According to a 2016 survey, moving home is in the top five most stressful “life events” – and that’s just for people.
Inevitably, most horses change homes during their lifetimes. But do we put enough thought into making the process as painless as possible? And can you also go too far and create problems because you’re trying too hard?
A dealer friend who specialises in riding club all-rounders advises customers to get their new horse home and get on with it. She tempers that with a few warnings: lunge the horse before you get on him for the first time; ride in an enclosed arena, if possible, and get the horse listening to you without putting him under pressure; and finally, don’t stuff him full of hard feed from day one.
She reckons that the owners who ring up claiming that the nice all-rounder she sold them has turned into a fire-breathing monster have inevitably ignored her advice to feed nothing but forage and a broad-spectrum vitamin and mineral supplement for a few days. Instead, they give the horse a week “to settle down” while feeding for the work they aim or simply imagine they’ll do, not appreciating that they might as well just light the blue touch paper and stand back.
It’s easy to anthropomorphise, but I love the analogy someone gave me many years ago when I was anxious about how an unbroken three-year-old I’d bought from his breeder would settle. He had been with the same group of youngsters from birth, so how would he adapt?
This wise woman told me to remember how it felt to move from a primary school to a much bigger one. It was strange, and sometimes a bit scary, but there were reliable people in charge and you soon made new friends and adapted to a new environment and routine.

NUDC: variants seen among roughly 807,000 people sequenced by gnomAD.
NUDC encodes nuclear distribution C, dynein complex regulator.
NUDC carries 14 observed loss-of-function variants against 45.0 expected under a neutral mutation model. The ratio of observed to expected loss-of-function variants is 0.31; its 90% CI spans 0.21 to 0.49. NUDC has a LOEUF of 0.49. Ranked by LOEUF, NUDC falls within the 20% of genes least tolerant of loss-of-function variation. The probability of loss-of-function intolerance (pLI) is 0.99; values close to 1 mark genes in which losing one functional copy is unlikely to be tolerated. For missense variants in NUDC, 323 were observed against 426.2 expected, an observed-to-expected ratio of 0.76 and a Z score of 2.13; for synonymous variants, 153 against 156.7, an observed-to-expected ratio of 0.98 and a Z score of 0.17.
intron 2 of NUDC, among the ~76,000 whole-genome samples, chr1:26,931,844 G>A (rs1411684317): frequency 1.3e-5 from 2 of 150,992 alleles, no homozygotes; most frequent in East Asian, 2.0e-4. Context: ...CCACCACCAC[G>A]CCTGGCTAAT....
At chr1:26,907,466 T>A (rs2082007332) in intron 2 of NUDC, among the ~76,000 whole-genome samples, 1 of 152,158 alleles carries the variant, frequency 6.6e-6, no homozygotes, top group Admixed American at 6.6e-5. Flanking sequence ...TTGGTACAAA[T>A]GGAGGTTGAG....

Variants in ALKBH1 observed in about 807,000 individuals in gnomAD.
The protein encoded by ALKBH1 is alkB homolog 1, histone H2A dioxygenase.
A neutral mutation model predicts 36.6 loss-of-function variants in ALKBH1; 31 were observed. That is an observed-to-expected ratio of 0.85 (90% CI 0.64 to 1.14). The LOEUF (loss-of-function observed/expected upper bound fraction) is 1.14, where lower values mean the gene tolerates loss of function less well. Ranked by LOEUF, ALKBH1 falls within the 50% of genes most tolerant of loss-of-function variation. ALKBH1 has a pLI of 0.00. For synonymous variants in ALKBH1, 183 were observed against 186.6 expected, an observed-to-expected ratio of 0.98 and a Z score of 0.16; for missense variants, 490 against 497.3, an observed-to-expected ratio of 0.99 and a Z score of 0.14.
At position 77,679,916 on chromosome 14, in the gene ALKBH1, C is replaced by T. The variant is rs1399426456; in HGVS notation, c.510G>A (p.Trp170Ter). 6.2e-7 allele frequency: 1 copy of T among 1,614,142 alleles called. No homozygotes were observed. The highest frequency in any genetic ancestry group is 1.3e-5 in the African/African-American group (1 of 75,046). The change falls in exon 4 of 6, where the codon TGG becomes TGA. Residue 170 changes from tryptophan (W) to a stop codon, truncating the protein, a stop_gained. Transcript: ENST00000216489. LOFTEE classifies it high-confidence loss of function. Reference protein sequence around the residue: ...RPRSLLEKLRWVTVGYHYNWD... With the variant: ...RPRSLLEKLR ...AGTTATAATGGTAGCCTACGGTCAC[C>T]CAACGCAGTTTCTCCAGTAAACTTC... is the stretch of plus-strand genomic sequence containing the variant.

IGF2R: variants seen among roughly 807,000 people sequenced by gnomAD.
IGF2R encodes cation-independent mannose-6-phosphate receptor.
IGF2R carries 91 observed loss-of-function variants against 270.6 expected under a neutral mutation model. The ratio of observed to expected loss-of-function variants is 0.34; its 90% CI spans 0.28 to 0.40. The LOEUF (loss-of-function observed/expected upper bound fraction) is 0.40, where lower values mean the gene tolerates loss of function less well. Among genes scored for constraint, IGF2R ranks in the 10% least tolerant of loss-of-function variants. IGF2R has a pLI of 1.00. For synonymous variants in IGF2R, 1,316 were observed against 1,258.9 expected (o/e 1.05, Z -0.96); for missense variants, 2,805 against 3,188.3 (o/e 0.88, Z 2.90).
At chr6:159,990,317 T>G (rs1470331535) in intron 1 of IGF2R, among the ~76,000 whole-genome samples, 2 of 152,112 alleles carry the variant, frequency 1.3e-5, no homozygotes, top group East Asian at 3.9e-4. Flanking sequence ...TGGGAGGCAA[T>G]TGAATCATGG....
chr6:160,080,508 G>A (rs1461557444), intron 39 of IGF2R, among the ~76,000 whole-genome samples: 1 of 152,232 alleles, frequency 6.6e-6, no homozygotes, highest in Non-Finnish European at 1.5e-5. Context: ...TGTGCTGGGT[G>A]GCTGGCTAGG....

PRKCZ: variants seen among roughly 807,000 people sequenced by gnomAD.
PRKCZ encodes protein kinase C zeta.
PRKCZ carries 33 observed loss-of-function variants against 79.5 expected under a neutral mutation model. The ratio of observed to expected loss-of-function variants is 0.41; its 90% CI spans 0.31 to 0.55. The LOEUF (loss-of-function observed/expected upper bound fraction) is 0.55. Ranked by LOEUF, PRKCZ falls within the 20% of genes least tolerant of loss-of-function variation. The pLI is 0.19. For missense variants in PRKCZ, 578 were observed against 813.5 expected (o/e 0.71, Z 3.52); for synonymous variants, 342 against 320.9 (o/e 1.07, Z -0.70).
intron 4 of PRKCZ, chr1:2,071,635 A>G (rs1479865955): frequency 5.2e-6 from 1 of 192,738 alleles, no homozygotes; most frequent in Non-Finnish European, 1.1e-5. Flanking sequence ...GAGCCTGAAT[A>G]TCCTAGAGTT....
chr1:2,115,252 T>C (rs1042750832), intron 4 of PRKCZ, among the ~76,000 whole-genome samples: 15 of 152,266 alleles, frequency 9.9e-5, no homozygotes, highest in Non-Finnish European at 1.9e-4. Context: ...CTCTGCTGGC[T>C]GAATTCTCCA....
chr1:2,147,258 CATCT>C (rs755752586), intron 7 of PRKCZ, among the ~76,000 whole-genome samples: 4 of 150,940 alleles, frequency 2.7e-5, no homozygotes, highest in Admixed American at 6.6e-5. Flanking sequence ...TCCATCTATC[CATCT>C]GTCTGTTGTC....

As a new owner, you have to be that reliable person in charge. Your horse will settle, even if some things are more challenging than others.
Just as country kids can find cities overwhelming, and city kids can take time to adapt to a country environment, horses have to adapt. In my part of the world, we know it takes time for any equine which has been in a busy, built-up area to adapt to our wide, open spaces.
It can take up to a year for them to get used to our particular challenges, which include hares taking off from under hooves, field irrigators rotating and spraying you just as you ride past, and herons lurking in drainage dykes to lumber into the air at the wrong moment.
Give him time, keep him thinking and lay off the rocket fuel. And if you’re building a relationship with a new horse and have tips to share, we’d love to hear them.